A very strong jet stream brought a very stormy spell of weather to Scotland from late November to mid-December. The worst storm of the year was set to swing through on the 8th of December and be stronger than the previous, and would become one of the most talked about weather events of the year, not just in Scotland…
On the morning of the 8th December an extremely deep area of low pressure was centred just off the northwest of the Outer Hebrides. This moved east during the afternoon taking the worst of the winds through a swathe of central and southern Scotland. By midday the storm was sitting over the Isle of Lewis with a central pressure of 957mb! At this time winds were reaching nearly 100mph over the mountains of central Scotland, whilst on Tiree winds had just gusted over 90mph!
By 4pm winds peaked through the central belt with winds over 70mph in Glasgow while Prestwick Airport was reporting gusts of wind in excess of 80mph.
There was widespread travel disruption, power cuts and school closures. The Forth, Tay, Skye and Erskine road bridges were closed.
Network Rail imposed a speed restriction because of the risk of trees and other debris on rail lines. Ferry services were delayed and some flights were cancelled.
Thousands of people were without electricity; an estimated 150,000 homes lost power during the 8th, mainly because of trees coming down on power lines. Engineers were still trying to re-connect about half of these on the 9th.
On the island of Hoy in Orkney, part of a causeway road was washed away, and there were various reports of building damage. Schools across Scotland shut for the day or closed early. The overall cost of disruption to Scotland’s economy has been estimated at around £100 million.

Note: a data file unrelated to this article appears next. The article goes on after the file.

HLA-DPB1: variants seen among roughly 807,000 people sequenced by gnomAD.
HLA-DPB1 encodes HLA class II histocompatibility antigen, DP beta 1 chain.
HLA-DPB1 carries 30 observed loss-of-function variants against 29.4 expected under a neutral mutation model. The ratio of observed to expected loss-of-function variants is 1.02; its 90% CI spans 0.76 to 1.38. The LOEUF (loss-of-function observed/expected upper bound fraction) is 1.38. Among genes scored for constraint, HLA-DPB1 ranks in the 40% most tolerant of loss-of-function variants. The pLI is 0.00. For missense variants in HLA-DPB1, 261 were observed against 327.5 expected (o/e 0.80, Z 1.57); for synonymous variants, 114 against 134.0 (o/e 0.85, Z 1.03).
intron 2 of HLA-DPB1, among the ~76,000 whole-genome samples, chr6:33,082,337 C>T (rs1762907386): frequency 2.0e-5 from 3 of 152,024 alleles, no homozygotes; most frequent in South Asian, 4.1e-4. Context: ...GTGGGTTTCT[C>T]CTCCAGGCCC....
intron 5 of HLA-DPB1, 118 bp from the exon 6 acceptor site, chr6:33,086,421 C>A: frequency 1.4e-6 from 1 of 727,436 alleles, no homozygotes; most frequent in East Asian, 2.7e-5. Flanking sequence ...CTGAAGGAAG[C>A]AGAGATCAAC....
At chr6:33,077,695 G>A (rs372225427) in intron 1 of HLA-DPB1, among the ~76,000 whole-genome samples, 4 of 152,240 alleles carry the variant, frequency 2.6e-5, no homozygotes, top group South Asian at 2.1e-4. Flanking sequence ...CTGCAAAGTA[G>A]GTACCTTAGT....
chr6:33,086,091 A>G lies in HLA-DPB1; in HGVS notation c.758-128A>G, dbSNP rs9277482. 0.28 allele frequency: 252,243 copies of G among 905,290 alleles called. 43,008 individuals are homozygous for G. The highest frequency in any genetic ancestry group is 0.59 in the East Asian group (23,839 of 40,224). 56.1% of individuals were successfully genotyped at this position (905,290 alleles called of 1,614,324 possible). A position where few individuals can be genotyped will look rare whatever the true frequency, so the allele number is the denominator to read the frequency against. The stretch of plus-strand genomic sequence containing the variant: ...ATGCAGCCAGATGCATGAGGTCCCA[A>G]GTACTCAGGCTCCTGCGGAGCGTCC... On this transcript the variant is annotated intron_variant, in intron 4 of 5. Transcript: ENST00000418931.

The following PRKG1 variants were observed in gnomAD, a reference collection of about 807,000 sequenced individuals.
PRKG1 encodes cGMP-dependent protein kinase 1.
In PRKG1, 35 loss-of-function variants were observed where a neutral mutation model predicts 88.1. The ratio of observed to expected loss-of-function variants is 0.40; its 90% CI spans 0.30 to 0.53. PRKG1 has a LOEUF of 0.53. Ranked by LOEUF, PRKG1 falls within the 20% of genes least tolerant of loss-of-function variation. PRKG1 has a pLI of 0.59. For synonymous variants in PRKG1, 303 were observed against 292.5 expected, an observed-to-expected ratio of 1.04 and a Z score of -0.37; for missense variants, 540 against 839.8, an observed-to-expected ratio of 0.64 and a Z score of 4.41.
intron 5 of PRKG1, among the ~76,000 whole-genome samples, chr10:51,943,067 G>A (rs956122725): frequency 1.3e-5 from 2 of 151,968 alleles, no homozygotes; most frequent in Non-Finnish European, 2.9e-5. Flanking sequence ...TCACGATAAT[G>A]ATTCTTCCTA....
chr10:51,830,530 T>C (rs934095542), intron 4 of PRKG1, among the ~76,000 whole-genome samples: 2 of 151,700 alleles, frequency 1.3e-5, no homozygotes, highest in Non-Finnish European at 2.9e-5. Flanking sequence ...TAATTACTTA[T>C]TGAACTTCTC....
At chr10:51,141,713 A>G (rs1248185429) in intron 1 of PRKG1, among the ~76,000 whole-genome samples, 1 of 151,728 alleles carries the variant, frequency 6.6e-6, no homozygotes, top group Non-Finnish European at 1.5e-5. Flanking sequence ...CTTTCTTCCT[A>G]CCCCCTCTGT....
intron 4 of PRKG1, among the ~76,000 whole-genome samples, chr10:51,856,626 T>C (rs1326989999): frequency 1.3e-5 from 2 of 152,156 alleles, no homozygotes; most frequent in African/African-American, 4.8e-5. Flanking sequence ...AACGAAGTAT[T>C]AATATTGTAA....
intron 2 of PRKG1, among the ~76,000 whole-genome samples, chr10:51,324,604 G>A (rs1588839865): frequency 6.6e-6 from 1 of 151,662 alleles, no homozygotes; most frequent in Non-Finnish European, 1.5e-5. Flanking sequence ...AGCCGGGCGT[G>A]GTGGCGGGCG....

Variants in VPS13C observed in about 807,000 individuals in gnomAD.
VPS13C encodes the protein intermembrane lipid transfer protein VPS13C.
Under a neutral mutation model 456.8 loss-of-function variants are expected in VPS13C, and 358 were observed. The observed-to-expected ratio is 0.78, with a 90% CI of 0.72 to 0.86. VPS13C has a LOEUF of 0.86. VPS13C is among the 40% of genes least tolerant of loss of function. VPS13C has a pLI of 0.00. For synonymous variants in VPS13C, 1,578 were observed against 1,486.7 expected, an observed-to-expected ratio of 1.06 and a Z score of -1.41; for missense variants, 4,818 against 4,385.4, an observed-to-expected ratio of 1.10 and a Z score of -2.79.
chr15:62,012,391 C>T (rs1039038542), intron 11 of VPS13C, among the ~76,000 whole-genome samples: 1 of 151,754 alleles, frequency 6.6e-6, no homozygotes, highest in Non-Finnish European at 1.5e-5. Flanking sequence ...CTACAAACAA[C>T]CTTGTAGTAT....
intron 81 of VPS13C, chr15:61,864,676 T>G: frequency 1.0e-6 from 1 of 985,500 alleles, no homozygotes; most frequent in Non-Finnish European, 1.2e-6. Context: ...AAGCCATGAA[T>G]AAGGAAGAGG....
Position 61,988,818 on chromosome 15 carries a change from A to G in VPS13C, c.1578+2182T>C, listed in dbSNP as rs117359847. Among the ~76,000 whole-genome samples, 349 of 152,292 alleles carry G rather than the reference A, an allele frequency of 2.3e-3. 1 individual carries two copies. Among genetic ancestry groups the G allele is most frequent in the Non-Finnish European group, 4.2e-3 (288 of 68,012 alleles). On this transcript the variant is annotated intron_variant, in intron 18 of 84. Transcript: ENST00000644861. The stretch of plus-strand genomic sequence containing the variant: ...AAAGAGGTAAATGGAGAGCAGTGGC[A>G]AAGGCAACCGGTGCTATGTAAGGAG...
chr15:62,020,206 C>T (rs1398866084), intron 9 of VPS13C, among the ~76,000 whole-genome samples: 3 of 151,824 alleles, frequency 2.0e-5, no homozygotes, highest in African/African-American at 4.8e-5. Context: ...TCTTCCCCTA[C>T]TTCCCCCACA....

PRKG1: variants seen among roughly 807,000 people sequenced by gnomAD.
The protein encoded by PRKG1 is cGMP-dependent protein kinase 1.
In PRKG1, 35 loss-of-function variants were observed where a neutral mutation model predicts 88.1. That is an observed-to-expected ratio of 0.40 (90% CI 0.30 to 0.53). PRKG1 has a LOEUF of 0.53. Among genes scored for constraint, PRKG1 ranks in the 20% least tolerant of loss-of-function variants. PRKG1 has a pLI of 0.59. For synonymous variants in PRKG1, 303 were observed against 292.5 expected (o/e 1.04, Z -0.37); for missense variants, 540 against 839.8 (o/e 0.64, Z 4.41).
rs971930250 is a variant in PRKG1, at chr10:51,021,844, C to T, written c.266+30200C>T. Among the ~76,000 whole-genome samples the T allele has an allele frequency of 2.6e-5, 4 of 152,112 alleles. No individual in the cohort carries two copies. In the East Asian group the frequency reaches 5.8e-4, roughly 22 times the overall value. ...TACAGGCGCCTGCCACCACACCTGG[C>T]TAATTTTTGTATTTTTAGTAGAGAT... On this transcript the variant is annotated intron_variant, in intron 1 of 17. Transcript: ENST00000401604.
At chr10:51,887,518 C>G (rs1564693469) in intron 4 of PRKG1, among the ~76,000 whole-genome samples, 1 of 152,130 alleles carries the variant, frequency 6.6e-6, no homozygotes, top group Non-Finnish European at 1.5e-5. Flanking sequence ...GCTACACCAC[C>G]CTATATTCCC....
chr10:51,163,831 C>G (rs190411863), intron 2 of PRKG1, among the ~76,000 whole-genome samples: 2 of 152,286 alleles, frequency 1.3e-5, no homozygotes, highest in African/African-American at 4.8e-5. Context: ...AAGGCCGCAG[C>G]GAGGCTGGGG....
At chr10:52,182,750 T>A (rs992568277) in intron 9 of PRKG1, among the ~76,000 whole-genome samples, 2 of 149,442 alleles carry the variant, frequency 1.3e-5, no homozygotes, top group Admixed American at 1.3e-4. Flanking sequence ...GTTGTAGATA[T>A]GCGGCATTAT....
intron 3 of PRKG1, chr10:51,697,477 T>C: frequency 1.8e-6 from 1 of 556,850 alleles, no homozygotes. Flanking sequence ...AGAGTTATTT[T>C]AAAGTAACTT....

There were reports of damage to buildings and a wind turbine in North Ayrshire struggled to cope in the strong winds and burst into flames.
During the 8th winds reached incredible levels over the Cairngorms with a gust of 165mph recorded, just 8mph off of beating the record wind gust speed in the UK/ Last recorded on the Cairngorm summit back in March 1986.
Even low level stations such as Foula and Fair Isle in Shetland were reporting gusts in excess of 90mph.
The storm trended on Twitter and became a world-wide talking point and was heavily covered by the press and TV in the following days.
The storm was the worst in Scotland since 11-12th January 2005.
The country had yet more stormy times ahead, especially as 2012 was ushered in – you can find more on that storm and other weather events in the STV Weather Histories section.